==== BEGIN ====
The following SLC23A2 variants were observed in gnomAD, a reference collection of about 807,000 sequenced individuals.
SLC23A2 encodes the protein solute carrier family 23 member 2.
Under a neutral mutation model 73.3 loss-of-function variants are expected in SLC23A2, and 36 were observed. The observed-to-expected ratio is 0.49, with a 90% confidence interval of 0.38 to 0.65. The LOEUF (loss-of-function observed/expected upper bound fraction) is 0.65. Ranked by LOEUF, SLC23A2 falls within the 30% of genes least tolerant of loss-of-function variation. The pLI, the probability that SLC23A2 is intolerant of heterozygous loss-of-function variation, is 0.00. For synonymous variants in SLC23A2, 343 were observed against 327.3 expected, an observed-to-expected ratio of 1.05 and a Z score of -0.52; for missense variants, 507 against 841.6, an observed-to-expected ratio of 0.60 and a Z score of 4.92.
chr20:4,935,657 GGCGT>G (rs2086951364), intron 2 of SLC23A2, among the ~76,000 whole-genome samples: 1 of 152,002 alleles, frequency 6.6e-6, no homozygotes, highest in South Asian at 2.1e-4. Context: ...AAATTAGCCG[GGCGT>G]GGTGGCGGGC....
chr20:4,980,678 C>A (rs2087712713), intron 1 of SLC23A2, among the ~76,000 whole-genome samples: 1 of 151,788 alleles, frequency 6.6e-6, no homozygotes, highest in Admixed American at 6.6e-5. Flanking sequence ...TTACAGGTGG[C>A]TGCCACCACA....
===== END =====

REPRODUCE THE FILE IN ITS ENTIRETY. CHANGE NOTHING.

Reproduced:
The following SLC23A2 variants were observed in gnomAD, a reference collection of about 807,000 sequenced individuals.
SLC23A2 encodes the protein solute carrier family 23 member 2.
Under a neutral mutation model 73.3 loss-of-function variants are expected in SLC23A2, and 36 were observed. The observed-to-expected ratio is 0.49, with a 90% confidence interval of 0.38 to 0.65. The LOEUF (loss-of-function observed/expected upper bound fraction) is 0.65. Ranked by LOEUF, SLC23A2 falls within the 30% of genes least tolerant of loss-of-function variation. The pLI, the probability that SLC23A2 is intolerant of heterozygous loss-of-function variation, is 0.00. For synonymous variants in SLC23A2, 343 were observed against 327.3 expected, an observed-to-expected ratio of 1.05 and a Z score of -0.52; for missense variants, 507 against 841.6, an observed-to-expected ratio of 0.60 and a Z score of 4.92.
chr20:4,935,657 GGCGT>G (rs2086951364), intron 2 of SLC23A2, among the ~76,000 whole-genome samples: 1 of 152,002 alleles, frequency 6.6e-6, no homozygotes, highest in South Asian at 2.1e-4. Context: ...AAATTAGCCG[GGCGT>G]GGTGGCGGGC....
chr20:4,980,678 C>A (rs2087712713), intron 1 of SLC23A2, among the ~76,000 whole-genome samples: 1 of 151,788 alleles, frequency 6.6e-6, no homozygotes, highest in Admixed American at 6.6e-5. Flanking sequence ...TTACAGGTGG[C>A]TGCCACCACA....